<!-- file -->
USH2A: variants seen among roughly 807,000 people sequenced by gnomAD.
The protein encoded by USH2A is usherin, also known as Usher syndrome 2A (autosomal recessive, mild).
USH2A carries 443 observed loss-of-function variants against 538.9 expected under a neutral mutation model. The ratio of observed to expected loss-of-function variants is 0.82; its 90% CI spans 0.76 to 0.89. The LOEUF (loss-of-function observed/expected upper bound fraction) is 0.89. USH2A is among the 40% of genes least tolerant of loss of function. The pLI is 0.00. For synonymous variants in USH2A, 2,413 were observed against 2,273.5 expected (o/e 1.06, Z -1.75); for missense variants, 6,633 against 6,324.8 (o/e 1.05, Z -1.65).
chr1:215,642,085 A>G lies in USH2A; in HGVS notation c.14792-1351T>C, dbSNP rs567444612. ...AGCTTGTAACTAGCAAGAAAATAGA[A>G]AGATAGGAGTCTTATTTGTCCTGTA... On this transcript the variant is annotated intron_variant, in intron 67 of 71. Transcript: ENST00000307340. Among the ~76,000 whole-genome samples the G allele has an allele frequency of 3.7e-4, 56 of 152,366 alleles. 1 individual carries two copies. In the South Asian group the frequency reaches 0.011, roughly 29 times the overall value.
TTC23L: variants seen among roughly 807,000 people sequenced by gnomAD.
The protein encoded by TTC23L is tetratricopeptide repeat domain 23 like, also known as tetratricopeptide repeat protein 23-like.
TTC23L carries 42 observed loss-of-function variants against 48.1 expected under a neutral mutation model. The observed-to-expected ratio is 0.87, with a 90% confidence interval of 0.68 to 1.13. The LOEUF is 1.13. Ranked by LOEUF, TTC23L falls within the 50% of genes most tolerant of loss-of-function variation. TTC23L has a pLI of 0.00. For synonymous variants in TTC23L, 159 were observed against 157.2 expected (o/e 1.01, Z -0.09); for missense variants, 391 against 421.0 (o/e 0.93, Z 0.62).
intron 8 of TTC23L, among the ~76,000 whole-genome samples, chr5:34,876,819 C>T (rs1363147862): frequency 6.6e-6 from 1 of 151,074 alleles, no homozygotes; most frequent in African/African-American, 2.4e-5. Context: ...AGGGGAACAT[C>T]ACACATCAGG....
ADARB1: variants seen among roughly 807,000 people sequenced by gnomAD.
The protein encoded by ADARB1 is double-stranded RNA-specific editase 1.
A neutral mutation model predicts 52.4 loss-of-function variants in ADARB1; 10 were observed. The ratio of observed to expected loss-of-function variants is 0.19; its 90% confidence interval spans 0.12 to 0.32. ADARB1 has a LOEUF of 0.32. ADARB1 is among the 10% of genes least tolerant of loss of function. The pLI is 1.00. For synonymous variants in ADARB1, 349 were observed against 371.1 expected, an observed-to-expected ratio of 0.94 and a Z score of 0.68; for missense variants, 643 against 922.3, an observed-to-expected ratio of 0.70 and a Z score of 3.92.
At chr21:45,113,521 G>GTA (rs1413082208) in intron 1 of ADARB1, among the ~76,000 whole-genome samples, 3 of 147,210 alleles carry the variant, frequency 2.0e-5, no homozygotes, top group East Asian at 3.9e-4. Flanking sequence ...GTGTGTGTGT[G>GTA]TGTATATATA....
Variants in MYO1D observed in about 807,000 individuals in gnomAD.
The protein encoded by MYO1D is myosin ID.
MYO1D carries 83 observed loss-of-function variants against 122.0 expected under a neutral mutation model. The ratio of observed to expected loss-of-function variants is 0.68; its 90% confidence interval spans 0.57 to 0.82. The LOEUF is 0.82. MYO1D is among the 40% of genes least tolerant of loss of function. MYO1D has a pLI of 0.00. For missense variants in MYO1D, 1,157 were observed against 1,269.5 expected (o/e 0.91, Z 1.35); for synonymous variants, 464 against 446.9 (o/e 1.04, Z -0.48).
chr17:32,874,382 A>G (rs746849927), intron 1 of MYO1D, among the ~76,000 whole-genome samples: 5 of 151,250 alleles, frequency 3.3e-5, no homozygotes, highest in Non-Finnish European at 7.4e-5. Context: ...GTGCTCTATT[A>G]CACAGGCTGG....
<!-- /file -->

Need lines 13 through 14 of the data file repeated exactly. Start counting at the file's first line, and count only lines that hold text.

Variants in MYO1D observed in about 807,000 individuals in gnomAD.
The protein encoded by MYO1D is myosin ID.